One garda was admitted to hospital with a broken nose, the other two gardaí were treated at the scene for minor injuries. Gardaí have charged two men in their 20s arrested after the protest.

One has been charged with criminal damage and the other with a breach of the peace. Both are due in court over the coming weeks.

A third person was released without charge and a file is being sent to the Director of Public Prosecutions.

Union of Students of Ireland President Gary Redmond said he is saddened by the actions of a minority of protestors today.

Mr Redmond said the occupation of the Department of Finance by a number of protestors was not representative of the USI.

He said that many of the clashes with gardaí occurred during the USI address to protestors on Merrion Square.

Gary Redmond said the actions of protestors engaged in a sit-down protest outside Leinster House were also not condoned by the USI.

A garda spokesperson said 50 people entered the lobby of the Department of Finance on Merrion Row but were removed a short time later by gardaí.

Meanwhile, the Socialist Workers Party has accused gardaí of assaulting some of their members and other protestors.

Spokesperson Karl Gill, a student at University College Dublin, said gardaí had aggravated a peaceful sit-in at the Department of Finance this afternoon.

Mr Gill said a small number of protestors who had occupied the Department were forcibly removed by gardaí.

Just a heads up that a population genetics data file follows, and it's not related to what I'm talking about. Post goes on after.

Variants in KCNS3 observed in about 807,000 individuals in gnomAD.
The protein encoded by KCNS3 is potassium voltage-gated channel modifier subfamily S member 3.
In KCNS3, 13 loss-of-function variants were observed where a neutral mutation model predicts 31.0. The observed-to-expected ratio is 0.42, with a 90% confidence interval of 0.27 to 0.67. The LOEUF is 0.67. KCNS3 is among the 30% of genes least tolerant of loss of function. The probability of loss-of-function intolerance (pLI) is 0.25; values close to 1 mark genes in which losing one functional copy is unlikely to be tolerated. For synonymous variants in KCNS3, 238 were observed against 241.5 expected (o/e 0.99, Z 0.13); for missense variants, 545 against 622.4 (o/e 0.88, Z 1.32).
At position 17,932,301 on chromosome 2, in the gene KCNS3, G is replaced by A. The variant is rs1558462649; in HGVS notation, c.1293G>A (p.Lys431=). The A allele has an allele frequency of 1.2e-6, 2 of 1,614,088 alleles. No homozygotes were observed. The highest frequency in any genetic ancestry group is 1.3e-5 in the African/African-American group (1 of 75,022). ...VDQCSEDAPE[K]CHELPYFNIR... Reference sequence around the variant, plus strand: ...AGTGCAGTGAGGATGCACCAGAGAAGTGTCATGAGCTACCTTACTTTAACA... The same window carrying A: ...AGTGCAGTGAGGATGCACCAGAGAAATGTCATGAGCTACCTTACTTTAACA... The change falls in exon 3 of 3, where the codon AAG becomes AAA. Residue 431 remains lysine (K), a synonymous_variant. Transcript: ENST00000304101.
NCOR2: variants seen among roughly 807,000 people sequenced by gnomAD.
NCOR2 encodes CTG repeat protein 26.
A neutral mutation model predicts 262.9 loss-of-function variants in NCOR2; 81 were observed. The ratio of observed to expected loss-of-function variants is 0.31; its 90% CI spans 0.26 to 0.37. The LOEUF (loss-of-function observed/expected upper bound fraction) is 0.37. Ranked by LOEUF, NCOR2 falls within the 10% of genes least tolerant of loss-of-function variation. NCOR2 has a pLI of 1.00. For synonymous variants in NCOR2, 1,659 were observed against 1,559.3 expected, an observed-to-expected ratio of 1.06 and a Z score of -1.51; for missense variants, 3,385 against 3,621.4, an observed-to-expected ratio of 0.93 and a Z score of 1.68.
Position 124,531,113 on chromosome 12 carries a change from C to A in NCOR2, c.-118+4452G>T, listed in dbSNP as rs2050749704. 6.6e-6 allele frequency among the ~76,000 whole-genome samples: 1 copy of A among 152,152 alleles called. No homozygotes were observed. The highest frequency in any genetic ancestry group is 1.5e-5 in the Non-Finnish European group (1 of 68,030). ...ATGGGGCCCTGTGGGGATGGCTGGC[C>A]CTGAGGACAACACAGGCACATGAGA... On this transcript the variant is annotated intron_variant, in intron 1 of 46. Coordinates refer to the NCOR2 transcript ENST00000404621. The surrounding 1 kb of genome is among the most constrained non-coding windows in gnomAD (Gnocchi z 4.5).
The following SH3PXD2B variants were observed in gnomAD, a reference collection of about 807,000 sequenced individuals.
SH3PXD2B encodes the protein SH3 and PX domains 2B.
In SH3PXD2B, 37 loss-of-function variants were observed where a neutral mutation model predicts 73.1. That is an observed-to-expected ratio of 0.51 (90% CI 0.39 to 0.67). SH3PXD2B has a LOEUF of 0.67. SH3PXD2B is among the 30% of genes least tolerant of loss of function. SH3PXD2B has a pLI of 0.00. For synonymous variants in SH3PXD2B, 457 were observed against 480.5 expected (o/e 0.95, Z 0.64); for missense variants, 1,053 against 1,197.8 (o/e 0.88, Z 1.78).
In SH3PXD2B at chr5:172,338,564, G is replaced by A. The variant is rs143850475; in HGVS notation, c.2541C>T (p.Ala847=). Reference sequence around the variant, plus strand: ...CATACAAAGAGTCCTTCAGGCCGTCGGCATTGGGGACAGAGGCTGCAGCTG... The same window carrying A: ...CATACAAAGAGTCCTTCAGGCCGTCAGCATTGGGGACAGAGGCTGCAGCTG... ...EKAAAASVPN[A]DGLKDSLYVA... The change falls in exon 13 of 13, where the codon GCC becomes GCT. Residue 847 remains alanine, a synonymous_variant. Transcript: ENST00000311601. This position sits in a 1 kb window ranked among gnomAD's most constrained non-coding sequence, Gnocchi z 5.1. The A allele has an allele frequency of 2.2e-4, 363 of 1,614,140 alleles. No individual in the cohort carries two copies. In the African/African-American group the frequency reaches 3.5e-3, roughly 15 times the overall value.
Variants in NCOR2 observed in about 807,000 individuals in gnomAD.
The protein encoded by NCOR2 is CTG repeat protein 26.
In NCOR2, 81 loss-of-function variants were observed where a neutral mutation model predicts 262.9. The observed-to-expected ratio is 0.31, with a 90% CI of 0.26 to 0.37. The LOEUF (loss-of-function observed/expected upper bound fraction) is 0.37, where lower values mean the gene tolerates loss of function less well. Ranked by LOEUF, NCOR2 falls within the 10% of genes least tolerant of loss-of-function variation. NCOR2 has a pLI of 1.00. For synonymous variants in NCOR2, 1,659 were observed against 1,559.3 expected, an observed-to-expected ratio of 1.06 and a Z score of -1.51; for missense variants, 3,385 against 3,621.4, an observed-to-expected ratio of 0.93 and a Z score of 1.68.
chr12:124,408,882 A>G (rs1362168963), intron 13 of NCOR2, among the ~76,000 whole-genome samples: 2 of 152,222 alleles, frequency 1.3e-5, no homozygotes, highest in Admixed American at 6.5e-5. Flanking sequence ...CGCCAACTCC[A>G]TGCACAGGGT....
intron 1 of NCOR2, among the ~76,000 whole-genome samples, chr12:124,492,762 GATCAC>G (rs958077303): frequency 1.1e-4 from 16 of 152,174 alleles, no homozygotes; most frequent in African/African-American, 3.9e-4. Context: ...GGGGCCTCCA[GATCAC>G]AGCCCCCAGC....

He also alleged that one protestor had his head stamped on by a garda member and he says another female protestor was ‘attacked’ by a garda dog.

Mr Gill said six arrests were made, which the Socialist Workers Party is claiming were unlawful.

USI march

The violent scenes followed a peaceful USI protest against plans to increase registration fees.

An estimated 40,000 people marched to Merrion Square, where they were addressed by student leaders.

The union said any attempt to impose cuts on students will meet with strong opposition.

USI says thousands of students will be forced to drop-out of college if the registration fee rises again.

The latest speculation is that the charge will rise from its current level of €1,500 to €2,500.

The last big student march was in 2008 when 15,000 people took to the streets.

‘All areas considered for reductions’

The Taoiseach refused to be drawn in the Dáil this morning on whether third-level fees would be introduced or capitation fees increased in the forthcoming Budget.

He also rounded on the Labour Party decision to abolish third-level fees, branding it ‘not very socially progressive’.

Brian Cowen said it was imperative that all areas would be considered for reductions and no area could be ring fenced or immune to cuts.

The Taoiseach said he could not divulge what was being discussed at Cabinet but no decisions had yet been taken. A good discussion was ongoing in relation to such matters, he added.

The Taoiseach was responding to Labour Party leader Eamon Gilmore who said the revised Programme for Government had committed not to increase student contributions.

Mr Gilmore said the revised programme was produced in an economic environment that was not radically different from now.

He said it did not make sense to put more obstacles in the way of young people continuing education.

Mr Cowen accused the Labour Party of abolishing third-level fees for all in an attempt to hold onto its middle-class vote.

The Cabinet is considering other education cuts too, among them, Department of Education sources say class size at primary and second-level is likely to be increased.

~ par Alain Bertho sur 4 novembre 2010.

Une Réponse to “Université : affrontement à Dublin – 3 novembre 2010”

  1. En français, un petit article de Sud-étudiant:

    http://nanterre.over-blog.com/article-irlande-40000-etudiants-manifestent-contre-la-hausse-des-frais-d-inscription-60277609.html